Dear illiterate poop bowl of hate and intolerance, Stop breathing. Furthermore, know that someone in this world sees the truth behind your fraudulent and opportunistic façade your fragile ego hides behind. You suck. Why am I so harsh on you? Because anything less scathing wouldn't even be read by a sociopath such as yourself. Quickly now, reduce my grammar to a dismissable straw man and quiet the storms of your sand castle self confidence. MTV is the ultimate achievement your current path has to offer. Wake up or shut up. Actually, just shut up. Shut up until you start behaving like the less unoriginal beast your parents worked so hard to produce. They deserve better so don't be such a poop stain. Now go clean your room.

     

    reply to this | link to this | view in thread ]

  39.  
    icon
    isthisthingon (profile), Feb 28th, 2010 @ 4:14am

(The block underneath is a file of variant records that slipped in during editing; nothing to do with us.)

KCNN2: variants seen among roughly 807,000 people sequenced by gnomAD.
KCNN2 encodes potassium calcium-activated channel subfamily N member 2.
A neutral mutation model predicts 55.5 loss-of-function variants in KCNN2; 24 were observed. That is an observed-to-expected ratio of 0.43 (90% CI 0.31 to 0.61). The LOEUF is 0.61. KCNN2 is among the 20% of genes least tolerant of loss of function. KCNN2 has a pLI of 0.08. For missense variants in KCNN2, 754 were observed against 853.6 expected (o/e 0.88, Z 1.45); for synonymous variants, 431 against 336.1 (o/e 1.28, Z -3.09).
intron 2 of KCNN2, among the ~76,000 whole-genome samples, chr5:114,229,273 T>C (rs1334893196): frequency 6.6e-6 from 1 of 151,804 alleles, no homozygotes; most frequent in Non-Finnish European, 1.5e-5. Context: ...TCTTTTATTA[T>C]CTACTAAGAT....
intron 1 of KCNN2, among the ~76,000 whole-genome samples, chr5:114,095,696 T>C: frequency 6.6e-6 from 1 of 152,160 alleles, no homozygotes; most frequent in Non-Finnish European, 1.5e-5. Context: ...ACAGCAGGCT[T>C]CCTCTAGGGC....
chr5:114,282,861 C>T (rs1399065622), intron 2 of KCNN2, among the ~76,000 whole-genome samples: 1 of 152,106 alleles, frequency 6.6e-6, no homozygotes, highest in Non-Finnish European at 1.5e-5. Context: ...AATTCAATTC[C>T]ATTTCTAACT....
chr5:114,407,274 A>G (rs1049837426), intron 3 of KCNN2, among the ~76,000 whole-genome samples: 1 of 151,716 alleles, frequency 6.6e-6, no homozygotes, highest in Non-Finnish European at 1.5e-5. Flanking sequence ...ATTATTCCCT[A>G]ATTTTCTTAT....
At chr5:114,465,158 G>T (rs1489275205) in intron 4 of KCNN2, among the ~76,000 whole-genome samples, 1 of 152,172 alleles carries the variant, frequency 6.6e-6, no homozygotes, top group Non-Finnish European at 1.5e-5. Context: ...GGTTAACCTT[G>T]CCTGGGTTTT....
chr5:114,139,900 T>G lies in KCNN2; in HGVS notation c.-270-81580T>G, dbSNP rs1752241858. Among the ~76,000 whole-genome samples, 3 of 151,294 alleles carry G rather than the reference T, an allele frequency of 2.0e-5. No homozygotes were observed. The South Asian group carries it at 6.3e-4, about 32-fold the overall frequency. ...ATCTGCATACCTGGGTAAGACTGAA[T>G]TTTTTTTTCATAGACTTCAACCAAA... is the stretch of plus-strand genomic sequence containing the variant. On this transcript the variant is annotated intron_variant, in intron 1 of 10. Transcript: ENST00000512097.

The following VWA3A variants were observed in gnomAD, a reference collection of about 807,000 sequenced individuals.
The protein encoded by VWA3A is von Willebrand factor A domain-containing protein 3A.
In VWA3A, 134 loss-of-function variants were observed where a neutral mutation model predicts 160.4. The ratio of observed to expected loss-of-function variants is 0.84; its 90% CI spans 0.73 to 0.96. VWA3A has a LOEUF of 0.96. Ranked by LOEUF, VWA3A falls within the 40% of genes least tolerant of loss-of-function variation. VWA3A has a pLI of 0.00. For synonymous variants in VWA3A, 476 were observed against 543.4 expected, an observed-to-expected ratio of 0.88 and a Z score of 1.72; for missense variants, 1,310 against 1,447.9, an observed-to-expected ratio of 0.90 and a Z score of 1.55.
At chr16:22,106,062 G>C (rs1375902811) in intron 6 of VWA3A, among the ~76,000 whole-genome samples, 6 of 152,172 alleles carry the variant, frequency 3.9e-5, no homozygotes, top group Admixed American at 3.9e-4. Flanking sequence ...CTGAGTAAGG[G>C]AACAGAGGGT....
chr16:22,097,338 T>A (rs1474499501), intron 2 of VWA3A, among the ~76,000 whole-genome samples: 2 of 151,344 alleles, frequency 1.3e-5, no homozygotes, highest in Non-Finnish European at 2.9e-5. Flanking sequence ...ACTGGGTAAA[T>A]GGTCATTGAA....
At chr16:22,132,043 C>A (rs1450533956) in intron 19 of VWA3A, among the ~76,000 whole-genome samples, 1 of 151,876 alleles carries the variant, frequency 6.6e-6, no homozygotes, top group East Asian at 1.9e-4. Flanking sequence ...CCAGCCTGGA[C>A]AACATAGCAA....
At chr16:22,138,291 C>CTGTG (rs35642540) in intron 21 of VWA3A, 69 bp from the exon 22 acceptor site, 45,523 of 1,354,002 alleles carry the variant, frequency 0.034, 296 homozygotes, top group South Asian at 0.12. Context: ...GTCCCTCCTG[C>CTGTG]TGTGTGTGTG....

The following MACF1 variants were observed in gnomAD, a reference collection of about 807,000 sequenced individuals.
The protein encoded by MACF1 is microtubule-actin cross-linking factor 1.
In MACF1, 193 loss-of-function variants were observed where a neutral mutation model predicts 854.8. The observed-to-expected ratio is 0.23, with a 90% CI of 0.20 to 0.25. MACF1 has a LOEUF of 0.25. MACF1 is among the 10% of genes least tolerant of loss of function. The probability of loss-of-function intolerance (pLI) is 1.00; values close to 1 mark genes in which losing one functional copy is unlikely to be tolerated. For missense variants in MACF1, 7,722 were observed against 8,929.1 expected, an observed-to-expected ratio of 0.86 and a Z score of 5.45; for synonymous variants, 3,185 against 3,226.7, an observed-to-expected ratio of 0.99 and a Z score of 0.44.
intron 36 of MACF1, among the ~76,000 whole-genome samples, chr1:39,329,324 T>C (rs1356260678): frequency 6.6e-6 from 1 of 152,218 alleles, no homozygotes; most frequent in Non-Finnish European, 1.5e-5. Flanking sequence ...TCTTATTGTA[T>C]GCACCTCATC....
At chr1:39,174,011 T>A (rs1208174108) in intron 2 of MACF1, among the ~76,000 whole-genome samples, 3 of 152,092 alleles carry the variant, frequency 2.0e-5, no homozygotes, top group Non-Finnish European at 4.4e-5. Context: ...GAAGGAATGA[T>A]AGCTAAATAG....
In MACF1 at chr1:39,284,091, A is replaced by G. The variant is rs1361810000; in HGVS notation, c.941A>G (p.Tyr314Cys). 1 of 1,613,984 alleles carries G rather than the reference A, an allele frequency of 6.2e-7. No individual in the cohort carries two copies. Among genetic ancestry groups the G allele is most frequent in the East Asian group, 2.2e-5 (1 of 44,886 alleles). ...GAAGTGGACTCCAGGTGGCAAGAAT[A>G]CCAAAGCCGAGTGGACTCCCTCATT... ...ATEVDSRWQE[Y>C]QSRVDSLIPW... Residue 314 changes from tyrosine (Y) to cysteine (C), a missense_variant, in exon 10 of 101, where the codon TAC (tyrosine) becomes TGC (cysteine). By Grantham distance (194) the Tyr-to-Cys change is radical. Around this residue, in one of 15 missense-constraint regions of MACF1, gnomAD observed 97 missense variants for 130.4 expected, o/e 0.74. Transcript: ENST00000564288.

Re: Re: Re:

    Sick evil bastard. Leveraging cleverness, you righteously perpetuate what's wrong in this world. That is the extent of your legacy, little lawyer. You sledgehammer your well crafted yet false assertions into the minds of those who simply seek acceptance. The RIAA had a wet dream and behold, you were born.

     

    reply to this | link to this | view in thread ]

  40.  
    icon
    vivaelamor (profile), Feb 28th, 2010 @ 5:25am

    Re: Re: Re:

    "One should start with the laws pertinent to the jurisdiction involved with the case we're discussing. Then study the Berne Convention. And if you do not know how to use a Web site as informative as the EFF's - then I really wonder why you're participating here."